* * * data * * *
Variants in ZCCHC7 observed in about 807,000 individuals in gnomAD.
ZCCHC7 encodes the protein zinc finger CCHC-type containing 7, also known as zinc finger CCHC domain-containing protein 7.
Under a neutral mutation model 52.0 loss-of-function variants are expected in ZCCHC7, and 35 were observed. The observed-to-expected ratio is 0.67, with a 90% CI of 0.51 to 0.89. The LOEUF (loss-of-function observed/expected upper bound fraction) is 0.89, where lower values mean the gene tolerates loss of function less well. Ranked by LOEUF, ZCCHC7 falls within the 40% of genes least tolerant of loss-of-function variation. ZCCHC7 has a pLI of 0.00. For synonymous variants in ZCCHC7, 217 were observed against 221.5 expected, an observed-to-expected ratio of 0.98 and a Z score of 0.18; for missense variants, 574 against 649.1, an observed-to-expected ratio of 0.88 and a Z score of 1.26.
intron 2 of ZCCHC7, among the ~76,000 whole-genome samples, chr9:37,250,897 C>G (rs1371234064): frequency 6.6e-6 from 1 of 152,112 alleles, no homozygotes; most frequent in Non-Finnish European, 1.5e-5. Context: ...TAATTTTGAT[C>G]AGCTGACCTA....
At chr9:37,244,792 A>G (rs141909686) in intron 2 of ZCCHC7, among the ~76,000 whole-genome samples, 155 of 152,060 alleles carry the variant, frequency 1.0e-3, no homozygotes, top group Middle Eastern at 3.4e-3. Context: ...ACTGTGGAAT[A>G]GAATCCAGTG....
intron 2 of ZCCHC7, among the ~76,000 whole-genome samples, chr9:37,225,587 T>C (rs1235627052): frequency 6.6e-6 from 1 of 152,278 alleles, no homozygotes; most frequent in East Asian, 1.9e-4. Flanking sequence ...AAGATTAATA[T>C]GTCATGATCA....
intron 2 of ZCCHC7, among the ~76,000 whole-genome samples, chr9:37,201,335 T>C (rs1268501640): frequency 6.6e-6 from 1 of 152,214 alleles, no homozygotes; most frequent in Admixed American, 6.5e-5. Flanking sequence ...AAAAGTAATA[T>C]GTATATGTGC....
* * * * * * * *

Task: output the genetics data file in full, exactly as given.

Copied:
Variants in ZCCHC7 observed in about 807,000 individuals in gnomAD.
ZCCHC7 encodes the protein zinc finger CCHC-type containing 7, also known as zinc finger CCHC domain-containing protein 7.
Under a neutral mutation model 52.0 loss-of-function variants are expected in ZCCHC7, and 35 were observed. The observed-to-expected ratio is 0.67, with a 90% CI of 0.51 to 0.89. The LOEUF (loss-of-function observed/expected upper bound fraction) is 0.89, where lower values mean the gene tolerates loss of function less well. Ranked by LOEUF, ZCCHC7 falls within the 40% of genes least tolerant of loss-of-function variation. ZCCHC7 has a pLI of 0.00. For synonymous variants in ZCCHC7, 217 were observed against 221.5 expected, an observed-to-expected ratio of 0.98 and a Z score of 0.18; for missense variants, 574 against 649.1, an observed-to-expected ratio of 0.88 and a Z score of 1.26.
intron 2 of ZCCHC7, among the ~76,000 whole-genome samples, chr9:37,250,897 C>G (rs1371234064): frequency 6.6e-6 from 1 of 152,112 alleles, no homozygotes; most frequent in Non-Finnish European, 1.5e-5. Context: ...TAATTTTGAT[C>G]AGCTGACCTA....
At chr9:37,244,792 A>G (rs141909686) in intron 2 of ZCCHC7, among the ~76,000 whole-genome samples, 155 of 152,060 alleles carry the variant, frequency 1.0e-3, no homozygotes, top group Middle Eastern at 3.4e-3. Context: ...ACTGTGGAAT[A>G]GAATCCAGTG....
intron 2 of ZCCHC7, among the ~76,000 whole-genome samples, chr9:37,225,587 T>C (rs1235627052): frequency 6.6e-6 from 1 of 152,278 alleles, no homozygotes; most frequent in East Asian, 1.9e-4. Flanking sequence ...AAGATTAATA[T>C]GTCATGATCA....
intron 2 of ZCCHC7, among the ~76,000 whole-genome samples, chr9:37,201,335 T>C (rs1268501640): frequency 6.6e-6 from 1 of 152,214 alleles, no homozygotes; most frequent in Admixed American, 6.5e-5. Flanking sequence ...AAAAGTAATA[T>C]GTATATGTGC....